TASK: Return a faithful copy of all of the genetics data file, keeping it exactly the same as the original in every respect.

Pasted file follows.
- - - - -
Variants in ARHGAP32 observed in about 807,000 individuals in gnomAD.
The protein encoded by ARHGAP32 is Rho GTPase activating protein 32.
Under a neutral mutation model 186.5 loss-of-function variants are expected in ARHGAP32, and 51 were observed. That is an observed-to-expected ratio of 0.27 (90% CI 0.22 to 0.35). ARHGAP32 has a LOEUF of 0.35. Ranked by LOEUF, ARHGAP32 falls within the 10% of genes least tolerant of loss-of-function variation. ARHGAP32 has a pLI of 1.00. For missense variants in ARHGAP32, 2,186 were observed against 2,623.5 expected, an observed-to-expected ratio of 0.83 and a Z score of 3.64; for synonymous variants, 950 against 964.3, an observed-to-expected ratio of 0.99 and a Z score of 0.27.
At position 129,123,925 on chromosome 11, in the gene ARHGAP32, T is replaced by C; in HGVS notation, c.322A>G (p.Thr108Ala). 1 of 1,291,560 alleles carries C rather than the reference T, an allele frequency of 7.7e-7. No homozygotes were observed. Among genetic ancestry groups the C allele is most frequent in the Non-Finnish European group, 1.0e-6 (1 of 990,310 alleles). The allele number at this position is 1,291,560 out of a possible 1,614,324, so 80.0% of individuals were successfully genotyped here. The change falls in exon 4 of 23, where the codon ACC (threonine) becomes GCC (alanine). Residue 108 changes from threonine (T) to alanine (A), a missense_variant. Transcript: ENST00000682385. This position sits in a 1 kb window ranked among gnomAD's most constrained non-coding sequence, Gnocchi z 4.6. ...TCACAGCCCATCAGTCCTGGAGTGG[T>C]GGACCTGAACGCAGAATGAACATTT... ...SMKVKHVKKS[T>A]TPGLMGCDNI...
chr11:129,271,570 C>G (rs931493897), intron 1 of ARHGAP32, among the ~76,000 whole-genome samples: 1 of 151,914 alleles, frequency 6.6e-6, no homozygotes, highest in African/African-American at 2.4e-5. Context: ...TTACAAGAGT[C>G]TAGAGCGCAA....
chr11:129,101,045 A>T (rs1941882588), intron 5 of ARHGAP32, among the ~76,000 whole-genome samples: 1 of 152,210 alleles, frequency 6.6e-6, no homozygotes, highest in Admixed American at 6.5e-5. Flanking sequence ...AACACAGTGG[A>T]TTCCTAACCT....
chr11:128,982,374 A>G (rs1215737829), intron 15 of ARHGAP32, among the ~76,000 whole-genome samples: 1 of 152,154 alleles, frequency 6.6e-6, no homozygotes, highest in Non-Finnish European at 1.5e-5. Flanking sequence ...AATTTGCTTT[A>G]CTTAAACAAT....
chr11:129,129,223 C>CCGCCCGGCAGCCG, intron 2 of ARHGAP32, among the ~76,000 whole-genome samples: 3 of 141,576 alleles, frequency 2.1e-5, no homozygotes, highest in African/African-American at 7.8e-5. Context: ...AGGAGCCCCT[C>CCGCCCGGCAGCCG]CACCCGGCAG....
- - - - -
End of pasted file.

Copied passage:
Variants in ARHGAP32 observed in about 807,000 individuals in gnomAD.
The protein encoded by ARHGAP32 is Rho GTPase activating protein 32.
Under a neutral mutation model 186.5 loss-of-function variants are expected in ARHGAP32, and 51 were observed. That is an observed-to-expected ratio of 0.27 (90% CI 0.22 to 0.35). ARHGAP32 has a LOEUF of 0.35. Ranked by LOEUF, ARHGAP32 falls within the 10% of genes least tolerant of loss-of-function variation. ARHGAP32 has a pLI of 1.00. For missense variants in ARHGAP32, 2,186 were observed against 2,623.5 expected, an observed-to-expected ratio of 0.83 and a Z score of 3.64; for synonymous variants, 950 against 964.3, an observed-to-expected ratio of 0.99 and a Z score of 0.27.
At position 129,123,925 on chromosome 11, in the gene ARHGAP32, T is replaced by C; in HGVS notation, c.322A>G (p.Thr108Ala). 1 of 1,291,560 alleles carries C rather than the reference T, an allele frequency of 7.7e-7. No homozygotes were observed. Among genetic ancestry groups the C allele is most frequent in the Non-Finnish European group, 1.0e-6 (1 of 990,310 alleles). The allele number at this position is 1,291,560 out of a possible 1,614,324, so 80.0% of individuals were successfully genotyped here. The change falls in exon 4 of 23, where the codon ACC (threonine) becomes GCC (alanine). Residue 108 changes from threonine (T) to alanine (A), a missense_variant. Transcript: ENST00000682385. This position sits in a 1 kb window ranked among gnomAD's most constrained non-coding sequence, Gnocchi z 4.6. ...TCACAGCCCATCAGTCCTGGAGTGG[T>C]GGACCTGAACGCAGAATGAACATTT... ...SMKVKHVKKS[T>A]TPGLMGCDNI...
chr11:129,271,570 C>G (rs931493897), intron 1 of ARHGAP32, among the ~76,000 whole-genome samples: 1 of 151,914 alleles, frequency 6.6e-6, no homozygotes, highest in African/African-American at 2.4e-5. Context: ...TTACAAGAGT[C>G]TAGAGCGCAA....
chr11:129,101,045 A>T (rs1941882588), intron 5 of ARHGAP32, among the ~76,000 whole-genome samples: 1 of 152,210 alleles, frequency 6.6e-6, no homozygotes, highest in Admixed American at 6.5e-5. Flanking sequence ...AACACAGTGG[A>T]TTCCTAACCT....
chr11:128,982,374 A>G (rs1215737829), intron 15 of ARHGAP32, among the ~76,000 whole-genome samples: 1 of 152,154 alleles, frequency 6.6e-6, no homozygotes, highest in Non-Finnish European at 1.5e-5. Flanking sequence ...AATTTGCTTT[A>G]CTTAAACAAT....
chr11:129,129,223 C>CCGCCCGGCAGCCG, intron 2 of ARHGAP32, among the ~76,000 whole-genome samples: 3 of 141,576 alleles, frequency 2.1e-5, no homozygotes, highest in African/African-American at 7.8e-5. Context: ...AGGAGCCCCT[C>CCGCCCGGCAGCCG]CACCCGGCAG....